Watching games on Wednesday night (although I mainly watched the Royals since it was their season finale), and the incredible finish to the regular season, it reminded me of a season the Royals had a dramatic finish. Actually, it was 1976, 35 years ago today, that the Royals punched their ticket for the organization’s first trip to the postseason.
So, in honor of that, here is a reprint of an article that appeared in the Kansas City Royals’ Gameday magazine.
1976: Overcoming the A’s…Finally
In a championship season, especially in baseball, it’s usually difficult to point to one game as a turning point or the key contest. That’s not the case with the 1976 Royals.
Ask nearly any member of that club their memory of 1976 and, without hesitating, they’ll point to a late September game against the Oakland A’s.
“That game truly was a defining moment in Royals history,” says broadcaster Denny Matthews. “It’s probably second only to Game 3 of the 1985 playoffs in terms of importance in franchise history. If we don’t beat Oakland in that game, we probably don’t win the division.”
That game happened on Wednesday night, Sept. 29, in Oakland. The A’s had been dominant since, basically, leaving Kansas City. They’d won the Western Division, 1971-75. The Royals had been competitive for a few years, but they were young and still learning how to win.
“Oakland always beat us and they knew they could beat us,” said Royals Hall of Fame shortstop Fred Patek.
“We had a really good team in 1973, but Oakland slapped us down,” club Hall of Famer Amos Otis added of the ’73 team that won 88 games. “The A’s were such a dominant team that they slapped us down a few times.”
Most recently, in 1975, when the Royals finished with a then-club-record 91 wins, but finished second to Oakland.
1976, though, seemed to be different. The Royals grabbed their first lone lead in the division on May 19. They stretched it to as many as 12 games as late as Aug. 6, behind great pitching from Dennis Leonard, Al Fitzmorris, Doug Bird and Paul Splittorff, plus a tough lineup that included Otis, George Brett, John Mayberry, Hal McRae and Al Cowens.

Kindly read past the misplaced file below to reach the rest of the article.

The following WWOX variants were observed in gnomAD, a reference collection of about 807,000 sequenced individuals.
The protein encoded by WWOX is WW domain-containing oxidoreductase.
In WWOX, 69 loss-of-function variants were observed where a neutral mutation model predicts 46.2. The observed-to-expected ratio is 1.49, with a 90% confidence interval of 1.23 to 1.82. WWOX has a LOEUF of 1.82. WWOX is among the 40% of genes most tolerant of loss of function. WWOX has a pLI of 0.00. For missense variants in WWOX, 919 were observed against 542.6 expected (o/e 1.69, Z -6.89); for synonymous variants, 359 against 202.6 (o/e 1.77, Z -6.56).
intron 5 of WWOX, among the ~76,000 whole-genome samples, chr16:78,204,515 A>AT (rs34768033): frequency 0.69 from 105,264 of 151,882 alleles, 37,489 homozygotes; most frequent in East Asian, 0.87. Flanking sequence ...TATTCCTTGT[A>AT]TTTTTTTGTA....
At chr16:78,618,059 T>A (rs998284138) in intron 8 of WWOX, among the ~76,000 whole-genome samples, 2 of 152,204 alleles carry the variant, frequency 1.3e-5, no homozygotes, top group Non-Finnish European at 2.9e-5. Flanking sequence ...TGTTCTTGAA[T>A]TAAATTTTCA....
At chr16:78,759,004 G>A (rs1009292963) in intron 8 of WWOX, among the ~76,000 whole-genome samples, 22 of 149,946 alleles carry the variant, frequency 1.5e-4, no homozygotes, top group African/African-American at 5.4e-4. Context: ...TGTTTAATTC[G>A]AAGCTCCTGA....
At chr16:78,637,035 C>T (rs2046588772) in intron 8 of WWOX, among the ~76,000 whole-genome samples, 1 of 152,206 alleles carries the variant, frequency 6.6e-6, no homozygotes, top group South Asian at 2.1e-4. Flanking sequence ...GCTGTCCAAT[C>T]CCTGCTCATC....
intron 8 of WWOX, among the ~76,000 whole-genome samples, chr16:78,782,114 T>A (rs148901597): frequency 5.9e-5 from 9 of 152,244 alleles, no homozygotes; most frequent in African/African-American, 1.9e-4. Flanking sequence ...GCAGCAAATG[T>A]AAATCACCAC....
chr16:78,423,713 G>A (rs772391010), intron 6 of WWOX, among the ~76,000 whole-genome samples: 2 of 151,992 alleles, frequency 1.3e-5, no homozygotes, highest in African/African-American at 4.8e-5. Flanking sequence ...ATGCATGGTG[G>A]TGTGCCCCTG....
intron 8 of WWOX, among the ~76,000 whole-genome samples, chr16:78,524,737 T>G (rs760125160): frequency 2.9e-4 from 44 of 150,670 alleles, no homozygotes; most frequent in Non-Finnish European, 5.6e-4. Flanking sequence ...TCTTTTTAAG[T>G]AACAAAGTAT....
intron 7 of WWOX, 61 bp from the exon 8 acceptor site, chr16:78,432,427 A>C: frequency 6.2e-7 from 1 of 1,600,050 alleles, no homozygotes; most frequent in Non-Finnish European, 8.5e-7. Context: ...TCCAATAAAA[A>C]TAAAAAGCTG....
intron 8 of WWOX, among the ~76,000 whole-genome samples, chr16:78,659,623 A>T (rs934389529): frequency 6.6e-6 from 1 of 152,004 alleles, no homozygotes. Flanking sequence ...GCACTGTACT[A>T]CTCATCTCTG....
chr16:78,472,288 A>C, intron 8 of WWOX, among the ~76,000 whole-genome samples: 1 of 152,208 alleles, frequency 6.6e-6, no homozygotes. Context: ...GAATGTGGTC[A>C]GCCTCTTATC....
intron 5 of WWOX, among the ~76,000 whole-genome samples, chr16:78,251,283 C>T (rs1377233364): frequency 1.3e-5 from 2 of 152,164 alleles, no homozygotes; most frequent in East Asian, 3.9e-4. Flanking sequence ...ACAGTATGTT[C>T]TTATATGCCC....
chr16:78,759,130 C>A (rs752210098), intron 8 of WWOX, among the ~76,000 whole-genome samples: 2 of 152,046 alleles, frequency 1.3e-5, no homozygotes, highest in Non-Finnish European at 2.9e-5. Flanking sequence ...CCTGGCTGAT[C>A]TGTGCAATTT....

But something happened. The Royals struggled mightily down the stretch. After a five-game winning streak in the middle of September, the club fell apart. Heading into the final road series, at Oakland, the Royals had lost four out of five. Then, they dropped the first two against the A’s.
Suddenly, that 12-game lead in the division was down to 2 1/2 with four remaining.
So, on Wednesday, Sept. 29, manager Whitey Herzog pulled a couple rabbits out of his cap. He started pitcher Larry Gura and back-up catcher John Wathan. He also started Otis in centerfield. Otis, who had been beaned in the head two weeks earlier by Oakland pitcher Stan Bahnsen, was benched for those first two games.
Along with a four-hitter by Gura, Otis had an RBI double and a two-run home run as the Royals won 4-0.
“I was fortunate, as always, that the pitcher hit my bat with the ball and it went all the way out of the ballpark,” Otis said, laughing, of the home run.
The win clinched at least a tie with the A’s for the division title. They went on to earn the championship outright a couple nights later.
“Even though Oakland was our major nemesis, once we got the lead and were going into Oakland,” said Leonard, “we didn’t think we’d get swept, but we didn’t think we’d win only one, either. Luckily, Gura pitched one heck of a game.”
Getting past rival Oakland helped start a new rivalry with the New York Yankees, which began during that postseason. In the best-of-five American League playoffs, the Yankees beat the Royals in a heartbreaking fifth game, when Chris Chambliss hit a walk-off home run over the outstretched glove of Hal McRae.
“There was a sense of relief getting to the playoffs, but as the series went on, and we were tied two games to two, we felt we could win it,” Leonard said. “Of course that came to a crashing halt with Chambliss. But, playing in that series, and playing even with the Yankees with the exception of that one pitch, fueled our fire going into ‘77.”
In spite of the disappointing loss to the Yankees, the 1976 season set the Royals on a decade-long stretch of championship baseball. From 1976-85, the Royals won the Western Division six times and made two trips to the World Series, including the championship over St. Louis in 1985.
And, in many ways, it all started with that one September game against Oakland in 1976.
“Winning that game and the division,” Patek says, “was the big thing that gave us confidence the next year and following. After that, we felt that when we walked in the clubhouse, we couldn’t be beat.”
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